Commonly the pre-breakfast BSLs may be the only routine monitoring strategy for those with long term diabetes and deemed relatively stable and further daily monitoring is rarely considered. Therefore, people with diabetes and who are also prescribed prednisolone may be experiencing regular afternoon hyperglycaemia and no-one is aware.
Prednisolone has a time to peak of 4-6 hours, and a duration of 12-16 hours, therefore administration in the morning causes afternoon and evening hyperglycaemia, but not overnight hyperglycaemia.
For those prescribed prednisolone, hyperglycaemia management strategies should therefore be designed to target the timeframe from midday to midnight. Further, their BSLs should be checked sometime during the afternoon and/or evening – not in the morning before breakfast.
There is often a reluctance by care staff to prick fingers anymore often than necessary, therefore I generally suggest a 3-day-only trial; 3 days should provide sufficient evidence to identify whether there are any prednisolone-induced afternoon hyperglycaemia patterns. I usually consider a choice of BSL testing times such as:
- the timeframe of 2 hours after the midday meal (typically midday in residential care facilities) and before afternoon tea, and/or
- before the evening meal (5pm in residential care facilities), and/or
- 2 hours after supper -as supper is typically 7pm in residential care facilities, advisable to consider about 9pm.
Complicating the steroid-induced hyperglycaemia is the hypoglycaemic effect of the prescribed diabetes management drugs and their durations, and examples include:
- saxagliptin, sitagliptin, vidagliptin, glargine, detemir have durations of more than 24 hours,
- metformin XR, gliclazide ER, glimiperide, linagliptin, rosiglitazone, posiglitazone, mixtard, isophane have durations of about 24 hours,
- metformin has a duration of about 12 hours,
- others have shorter durations of various periods.
Typically, many of the diabetes management drugs are administered before breakfast, and so afternoons and evenings are the times when many of the longer-duration drugs are at their maximally effective period.
Ascertaining glycaemic status becomes quite important when drugs with opposing glycaemic effects are maximally effective at the same time. If a person has high afternoon glycaemia then one should ask why, especially in the presence of prednisolone and diabetes drugs, and there seem to be 3 options, being:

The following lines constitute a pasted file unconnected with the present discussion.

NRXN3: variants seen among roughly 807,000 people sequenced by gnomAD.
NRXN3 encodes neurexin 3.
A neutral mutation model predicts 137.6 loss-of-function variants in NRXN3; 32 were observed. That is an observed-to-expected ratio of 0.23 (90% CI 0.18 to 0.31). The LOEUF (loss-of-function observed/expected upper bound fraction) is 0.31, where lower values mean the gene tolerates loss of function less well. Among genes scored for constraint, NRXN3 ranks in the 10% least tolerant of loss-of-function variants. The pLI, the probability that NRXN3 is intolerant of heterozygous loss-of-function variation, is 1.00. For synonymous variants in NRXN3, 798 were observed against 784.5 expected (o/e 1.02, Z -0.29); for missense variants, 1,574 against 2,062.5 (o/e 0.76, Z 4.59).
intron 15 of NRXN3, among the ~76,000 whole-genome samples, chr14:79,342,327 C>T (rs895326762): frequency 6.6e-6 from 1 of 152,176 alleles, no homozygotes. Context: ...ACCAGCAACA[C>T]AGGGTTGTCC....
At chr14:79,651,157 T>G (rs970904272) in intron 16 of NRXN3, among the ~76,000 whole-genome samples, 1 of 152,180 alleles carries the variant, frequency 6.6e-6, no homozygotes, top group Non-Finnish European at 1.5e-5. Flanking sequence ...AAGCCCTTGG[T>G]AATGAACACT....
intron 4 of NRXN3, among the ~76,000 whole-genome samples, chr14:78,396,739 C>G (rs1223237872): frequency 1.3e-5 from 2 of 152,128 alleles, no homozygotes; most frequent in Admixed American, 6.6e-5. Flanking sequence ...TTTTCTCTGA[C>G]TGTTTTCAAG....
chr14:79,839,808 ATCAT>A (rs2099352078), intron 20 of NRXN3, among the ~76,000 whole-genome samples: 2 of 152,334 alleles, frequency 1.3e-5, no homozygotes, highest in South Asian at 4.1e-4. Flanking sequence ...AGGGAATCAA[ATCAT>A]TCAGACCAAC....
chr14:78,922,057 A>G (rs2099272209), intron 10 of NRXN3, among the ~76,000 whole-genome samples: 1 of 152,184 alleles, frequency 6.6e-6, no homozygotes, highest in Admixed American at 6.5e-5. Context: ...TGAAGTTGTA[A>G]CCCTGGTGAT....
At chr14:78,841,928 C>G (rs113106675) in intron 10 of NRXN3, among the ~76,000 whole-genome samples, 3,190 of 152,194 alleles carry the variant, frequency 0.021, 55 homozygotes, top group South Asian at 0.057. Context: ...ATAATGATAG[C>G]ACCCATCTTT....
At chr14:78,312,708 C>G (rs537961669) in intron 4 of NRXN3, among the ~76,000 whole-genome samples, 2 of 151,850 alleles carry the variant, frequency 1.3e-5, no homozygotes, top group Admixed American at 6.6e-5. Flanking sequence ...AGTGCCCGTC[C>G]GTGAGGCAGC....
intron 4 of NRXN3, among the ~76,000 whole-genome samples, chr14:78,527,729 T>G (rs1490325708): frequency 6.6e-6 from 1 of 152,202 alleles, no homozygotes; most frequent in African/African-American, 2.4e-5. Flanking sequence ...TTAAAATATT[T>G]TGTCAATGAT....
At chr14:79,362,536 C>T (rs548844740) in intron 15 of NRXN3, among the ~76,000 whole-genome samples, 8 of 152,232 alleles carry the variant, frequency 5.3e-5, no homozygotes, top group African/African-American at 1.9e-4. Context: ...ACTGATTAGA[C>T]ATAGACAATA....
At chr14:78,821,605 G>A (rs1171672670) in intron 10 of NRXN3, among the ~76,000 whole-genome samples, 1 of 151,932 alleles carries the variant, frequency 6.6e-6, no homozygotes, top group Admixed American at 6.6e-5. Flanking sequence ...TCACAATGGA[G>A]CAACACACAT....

- the person’s grazing is sufficient to offset the hypoglycaemic effect of the diabetes drugs (least likely);
- the prednisolone’s hyperglycaemic effect is greater than the hypoglycaemic effect of the diabetes management drugs;
- the person is overmedicated with the diabetes management drugs resulting in hyperglcaemia ie the hyperglycaemia is due to the dual effects of prednisolone and overmedication with diabetes drugs.
It is not unusual for people to be observed grazing “on naughty foods” in the afternoons and are consequently labelled “non-compliant” – and yet these are otherwise-responsible adults who know what they “should and should not be eating” and are otherwise concerned about their health. So why do these people graze in the afternoons? And do they require 24-hour glycaemic control coverage if they are typically sleeping 8 of those hours? So are they being “naughty” by wilfully grazing or are their bodies trying to counteract the combined hypoglycaemic effect of several prescribed drugs ie the grazing response is actually iatrogenically-induced.
When a staff member informs you that an individual is “non-compliant” with their diabetes management do you accept the statement at face value or do you look a bit more closely at the prescribed medicines impacts on glycaemia and the adequacy of their BSL monitoring?
Medical History with Nutritional Aspect
Biochemistry with Pharmaconutritional Consequences
Medications That May Adversely Affect Nutritional Status
Comments – medication and nutrition impacts (direct and indirect) only
Recent relevant available biochemistry results indicate elevated MCV therefore advisable to check B12 levels. There is disagreement between pathology ranges and research findings with regard to appropriate B12 levels. Neuro-imaging research found a direct causal link between B12 status, damage to the brain, and consequent memory impairment; it also found increasing memory impairment as B12 levels dropped even whilst within currently defined acceptable ranges and that B12 interventions are effective once levels are less than 300 pmol/L.
Regular monitoring sodium levels recommended whilst axit prescribed.
Pantoprazole decreases B12, vitamin C, magnesium, zinc and iron absorption, may decrease calcium absorption, and decreases thiamine availability.
Dietary levels of caffeine intake in conjunction with paracetamol inhibit antinocieception.
Since Mr AAF has ongoing infections as a consequence of his very poor dentition and is also prescribed pantoprazole, therefore advisable to check zinc status. Zinc is important in immune system function, and typically when immunity is low so is zinc status. If Mr AAF has low zinc status then advisable to review necessity for pantoprazole whilst zinc intervention administered as pantoprazole decreases zinc absorption.
What else would you include?
Yvonne Coleman is an accomplished dietitian with 30+ years of experience in aged care. Her mission is to make information concerning the interactions between medication and nutrition public and easy to access, having created the most comprehensive resource on the matter.
Her areas of competency include food science & nutrition, dietetics and health education. You can find out more about her work on LinkedIn, AusMed, the Enlightened Pharmacist podcast, and The FX Medicine Podcast.